Every great architect is - necessarily - a great poet. He must be a great original interpreter of his time, his day, his age.
Frank Lloyd Wright
Following up on forts from yesterday, have you ever thought about the concept of architecture through a child's eyes? The concept of designing, building, and going inside a "real" building is pretty astounding, even for adults. So pointing out the architecture around us can be pretty impressive to the preschool set. A few field trips to consider:
Is your neighborhood growing? Cruising construction sites, repeatedly during the building process, teaches kids that buildings don't just grow out of the ground. This is a good opportunity to teach the names of different types of workers and vehicles on-site, too. Want to be wowed? The convention center going up in downtown Nashville is downright enormous, and looks like an anthill covered with workers most of the time.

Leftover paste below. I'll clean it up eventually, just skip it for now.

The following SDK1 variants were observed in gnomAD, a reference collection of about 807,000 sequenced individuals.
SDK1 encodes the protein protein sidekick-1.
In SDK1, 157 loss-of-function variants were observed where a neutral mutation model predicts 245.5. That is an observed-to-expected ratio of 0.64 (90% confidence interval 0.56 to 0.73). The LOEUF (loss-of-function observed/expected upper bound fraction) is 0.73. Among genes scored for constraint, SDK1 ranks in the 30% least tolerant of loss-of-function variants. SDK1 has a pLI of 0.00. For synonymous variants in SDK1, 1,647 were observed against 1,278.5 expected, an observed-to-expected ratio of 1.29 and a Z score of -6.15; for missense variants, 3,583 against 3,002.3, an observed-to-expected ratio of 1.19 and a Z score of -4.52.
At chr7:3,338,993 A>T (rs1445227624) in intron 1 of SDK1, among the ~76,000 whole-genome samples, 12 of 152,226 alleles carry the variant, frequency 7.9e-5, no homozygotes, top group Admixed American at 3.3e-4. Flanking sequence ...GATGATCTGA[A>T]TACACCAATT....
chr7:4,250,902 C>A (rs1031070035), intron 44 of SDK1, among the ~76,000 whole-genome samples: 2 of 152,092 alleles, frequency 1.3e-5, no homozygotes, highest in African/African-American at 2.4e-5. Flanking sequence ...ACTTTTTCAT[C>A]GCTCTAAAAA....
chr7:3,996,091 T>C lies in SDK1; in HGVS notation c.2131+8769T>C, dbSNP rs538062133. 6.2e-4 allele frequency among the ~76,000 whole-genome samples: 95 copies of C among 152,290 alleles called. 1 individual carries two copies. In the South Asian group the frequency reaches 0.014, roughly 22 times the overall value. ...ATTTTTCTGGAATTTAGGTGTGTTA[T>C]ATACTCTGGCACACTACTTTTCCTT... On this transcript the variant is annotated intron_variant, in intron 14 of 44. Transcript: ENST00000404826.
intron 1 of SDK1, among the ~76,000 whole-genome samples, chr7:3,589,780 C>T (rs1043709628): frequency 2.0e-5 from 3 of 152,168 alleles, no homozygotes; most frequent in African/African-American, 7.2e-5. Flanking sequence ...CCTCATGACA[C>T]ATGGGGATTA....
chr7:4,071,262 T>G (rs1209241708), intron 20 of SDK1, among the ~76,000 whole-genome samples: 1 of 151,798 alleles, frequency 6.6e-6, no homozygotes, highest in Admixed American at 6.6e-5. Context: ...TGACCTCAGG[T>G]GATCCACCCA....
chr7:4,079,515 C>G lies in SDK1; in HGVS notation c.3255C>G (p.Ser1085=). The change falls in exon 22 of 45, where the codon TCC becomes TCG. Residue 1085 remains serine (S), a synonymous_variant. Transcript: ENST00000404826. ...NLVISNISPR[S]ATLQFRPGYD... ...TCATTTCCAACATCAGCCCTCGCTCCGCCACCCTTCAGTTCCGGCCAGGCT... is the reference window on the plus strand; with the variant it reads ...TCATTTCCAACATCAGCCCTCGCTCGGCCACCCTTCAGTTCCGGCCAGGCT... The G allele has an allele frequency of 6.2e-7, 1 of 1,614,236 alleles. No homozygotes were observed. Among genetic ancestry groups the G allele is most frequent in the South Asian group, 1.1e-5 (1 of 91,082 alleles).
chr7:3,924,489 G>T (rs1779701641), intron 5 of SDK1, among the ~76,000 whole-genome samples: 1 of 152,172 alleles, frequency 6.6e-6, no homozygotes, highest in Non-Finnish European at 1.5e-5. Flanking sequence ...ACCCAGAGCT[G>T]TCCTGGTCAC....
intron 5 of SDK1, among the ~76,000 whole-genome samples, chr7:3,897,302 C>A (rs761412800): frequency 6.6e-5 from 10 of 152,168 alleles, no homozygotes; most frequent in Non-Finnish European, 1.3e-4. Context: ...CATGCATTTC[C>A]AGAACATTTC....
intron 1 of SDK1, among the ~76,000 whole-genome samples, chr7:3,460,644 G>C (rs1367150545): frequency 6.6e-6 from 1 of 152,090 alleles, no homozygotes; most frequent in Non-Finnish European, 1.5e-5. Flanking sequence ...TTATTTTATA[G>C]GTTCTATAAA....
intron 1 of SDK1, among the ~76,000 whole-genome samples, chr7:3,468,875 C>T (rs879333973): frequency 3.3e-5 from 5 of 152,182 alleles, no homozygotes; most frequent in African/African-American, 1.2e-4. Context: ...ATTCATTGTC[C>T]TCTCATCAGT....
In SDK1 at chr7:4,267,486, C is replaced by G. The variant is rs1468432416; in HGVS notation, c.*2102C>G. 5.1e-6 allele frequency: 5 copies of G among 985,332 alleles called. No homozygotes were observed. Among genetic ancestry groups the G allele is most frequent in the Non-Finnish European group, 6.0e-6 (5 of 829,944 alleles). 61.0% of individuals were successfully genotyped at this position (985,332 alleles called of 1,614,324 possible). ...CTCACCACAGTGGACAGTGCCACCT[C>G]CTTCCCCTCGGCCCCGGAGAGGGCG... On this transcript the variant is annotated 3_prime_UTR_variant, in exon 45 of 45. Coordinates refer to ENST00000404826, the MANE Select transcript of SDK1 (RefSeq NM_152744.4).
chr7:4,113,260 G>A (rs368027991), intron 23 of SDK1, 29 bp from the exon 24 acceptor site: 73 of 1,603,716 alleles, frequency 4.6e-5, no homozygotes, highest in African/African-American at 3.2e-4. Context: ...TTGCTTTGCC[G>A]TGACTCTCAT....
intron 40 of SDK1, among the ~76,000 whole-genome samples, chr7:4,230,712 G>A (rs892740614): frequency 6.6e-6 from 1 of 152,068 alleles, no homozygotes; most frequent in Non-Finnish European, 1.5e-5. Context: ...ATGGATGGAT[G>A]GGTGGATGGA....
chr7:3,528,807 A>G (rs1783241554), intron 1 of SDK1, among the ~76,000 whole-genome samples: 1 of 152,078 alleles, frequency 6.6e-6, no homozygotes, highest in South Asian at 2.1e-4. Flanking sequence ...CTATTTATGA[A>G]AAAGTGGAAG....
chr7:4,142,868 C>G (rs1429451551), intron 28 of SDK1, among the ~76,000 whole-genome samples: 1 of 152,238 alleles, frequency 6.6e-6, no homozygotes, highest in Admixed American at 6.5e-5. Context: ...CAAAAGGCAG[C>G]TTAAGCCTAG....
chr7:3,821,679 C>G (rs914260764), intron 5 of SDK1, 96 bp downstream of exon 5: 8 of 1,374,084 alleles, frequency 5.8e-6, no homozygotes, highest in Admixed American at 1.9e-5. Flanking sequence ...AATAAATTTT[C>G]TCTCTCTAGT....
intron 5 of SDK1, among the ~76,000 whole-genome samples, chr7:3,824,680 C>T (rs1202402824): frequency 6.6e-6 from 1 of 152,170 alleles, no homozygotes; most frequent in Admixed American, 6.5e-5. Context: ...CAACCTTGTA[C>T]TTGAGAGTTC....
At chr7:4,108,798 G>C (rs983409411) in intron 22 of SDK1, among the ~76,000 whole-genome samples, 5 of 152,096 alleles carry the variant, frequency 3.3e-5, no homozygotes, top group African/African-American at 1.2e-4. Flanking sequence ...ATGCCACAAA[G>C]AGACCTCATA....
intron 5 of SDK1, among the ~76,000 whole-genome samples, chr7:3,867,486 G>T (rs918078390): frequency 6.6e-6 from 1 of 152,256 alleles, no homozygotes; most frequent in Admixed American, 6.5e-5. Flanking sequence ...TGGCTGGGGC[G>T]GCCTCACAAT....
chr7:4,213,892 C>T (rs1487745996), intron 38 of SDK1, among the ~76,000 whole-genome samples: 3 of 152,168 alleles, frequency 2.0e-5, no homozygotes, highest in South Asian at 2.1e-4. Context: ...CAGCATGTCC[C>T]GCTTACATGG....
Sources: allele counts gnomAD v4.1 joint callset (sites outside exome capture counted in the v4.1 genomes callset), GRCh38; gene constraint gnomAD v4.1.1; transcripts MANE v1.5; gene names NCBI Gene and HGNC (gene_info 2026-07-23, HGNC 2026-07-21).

Too cold for outdoor exploration? Take time to point out the features of the grander buildings on your daily errands. Schools, malls, groceries, churches, and libraries tend to have interesting features. Even Target is noteworthy for size and scale. Estimate how many houses like yours would fit inside.
On your way somewhere, ask the kids to decide what the most interesting building is on the route, and to tell you why they think so.
And you can take it on home--build another fort if you are going for life-size, or bring it down. Legos, Lincoln Logs, and Tinkertoys all have a place in the playroom. Likewise, milk cartons, egg cartons, and boxes from pantry staples such as cereal, crackers, mixes and pastas can make great roadside architecture for the streets driven by Matchbox cars.